The return of large “cannonball” jellyfish along Myrtle Beach shores is also attracting giant turtles.
Large jellyfish called “cannonball” jellyfish have returned to Grand Strand beaches, according to several news reports. Strong winds have begun to push the larger types of jellyfish closer to shore.
Cannonball jellyfish, also known as “cabbage head jellyfish” or “jelly balls,” can reach up to 10 inches in diameter and do not commonly sting humans.
Cannonball jellies are the most common in the Myrtle Beach area, according to Myrtle Beach Online. While those jellyfish are considered the least venomous of their species, they do contain toxins that can be dangerous to humans and animals.
The white or brown jellyfish can blend into the sand and are sometimes difficult to see. In the water, stings are more likely to result from stepping on one, as they don’t have tentacles, according to Myrtle Beach Online.
One of the cannonball jellyfish’s main predators is the endangered leatherback sea turtle. Leatherbacks regularly migrate north from the Caribbean from April to early summer to follow and feed on the cannonball jellies, since the jellyfish are among the turtles’ primary food sources, according to the South Carolina Department of Natural Resources.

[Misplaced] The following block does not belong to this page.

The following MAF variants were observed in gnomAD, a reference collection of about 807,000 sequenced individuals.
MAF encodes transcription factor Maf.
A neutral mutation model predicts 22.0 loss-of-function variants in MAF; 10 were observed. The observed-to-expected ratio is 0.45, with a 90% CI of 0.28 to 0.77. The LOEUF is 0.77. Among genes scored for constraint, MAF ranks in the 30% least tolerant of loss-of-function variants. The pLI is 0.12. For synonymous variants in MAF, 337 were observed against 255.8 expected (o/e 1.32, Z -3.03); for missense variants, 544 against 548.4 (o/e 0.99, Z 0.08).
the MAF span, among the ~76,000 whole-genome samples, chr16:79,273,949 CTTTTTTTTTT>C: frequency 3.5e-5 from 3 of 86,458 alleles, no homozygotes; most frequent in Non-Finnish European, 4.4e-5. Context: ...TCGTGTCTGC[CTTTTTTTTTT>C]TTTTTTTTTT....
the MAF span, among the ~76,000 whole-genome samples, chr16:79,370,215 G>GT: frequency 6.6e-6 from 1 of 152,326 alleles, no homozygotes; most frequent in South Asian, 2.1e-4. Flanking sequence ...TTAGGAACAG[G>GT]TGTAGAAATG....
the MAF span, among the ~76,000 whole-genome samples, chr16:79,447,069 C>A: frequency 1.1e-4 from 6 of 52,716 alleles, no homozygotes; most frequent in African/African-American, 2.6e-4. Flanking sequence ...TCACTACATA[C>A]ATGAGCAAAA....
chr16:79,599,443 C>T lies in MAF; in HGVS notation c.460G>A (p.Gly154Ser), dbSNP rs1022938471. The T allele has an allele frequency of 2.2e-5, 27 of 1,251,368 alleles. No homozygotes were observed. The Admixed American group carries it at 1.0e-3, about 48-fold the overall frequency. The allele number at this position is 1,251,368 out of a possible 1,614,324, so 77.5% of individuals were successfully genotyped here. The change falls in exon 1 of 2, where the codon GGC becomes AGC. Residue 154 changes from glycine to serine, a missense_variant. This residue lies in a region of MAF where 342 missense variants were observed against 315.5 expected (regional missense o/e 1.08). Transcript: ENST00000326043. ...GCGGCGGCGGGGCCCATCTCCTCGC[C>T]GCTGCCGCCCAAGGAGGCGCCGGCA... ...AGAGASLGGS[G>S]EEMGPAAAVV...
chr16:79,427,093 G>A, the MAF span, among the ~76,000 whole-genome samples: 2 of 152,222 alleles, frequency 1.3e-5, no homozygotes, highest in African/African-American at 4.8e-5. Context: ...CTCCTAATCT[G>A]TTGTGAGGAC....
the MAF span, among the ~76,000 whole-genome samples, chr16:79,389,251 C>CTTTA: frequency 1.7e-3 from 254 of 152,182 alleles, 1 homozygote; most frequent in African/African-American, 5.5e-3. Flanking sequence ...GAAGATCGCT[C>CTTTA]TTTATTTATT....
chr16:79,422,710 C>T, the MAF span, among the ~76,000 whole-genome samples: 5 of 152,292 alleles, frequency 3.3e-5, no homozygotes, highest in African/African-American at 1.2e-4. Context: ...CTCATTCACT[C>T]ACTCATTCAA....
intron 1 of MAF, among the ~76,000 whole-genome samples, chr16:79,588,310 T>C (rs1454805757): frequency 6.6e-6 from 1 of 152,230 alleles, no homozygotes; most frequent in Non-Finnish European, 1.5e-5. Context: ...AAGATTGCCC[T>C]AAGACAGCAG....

Water temperatures are rising, which means the jellyfish are going to show up more and more often, bringing the huge turtles in their wake.
WMBF News reported that the turtles can grow to “the size of a Volkswagen Jetta,” and Ann Wilson, interpretive ranger at Myrtle Beach State Park, told WMBF News that the turtles can weigh 500 to 1,000 pounds.
Abbie Bennett: 919-836-5768; @AbbieRBennett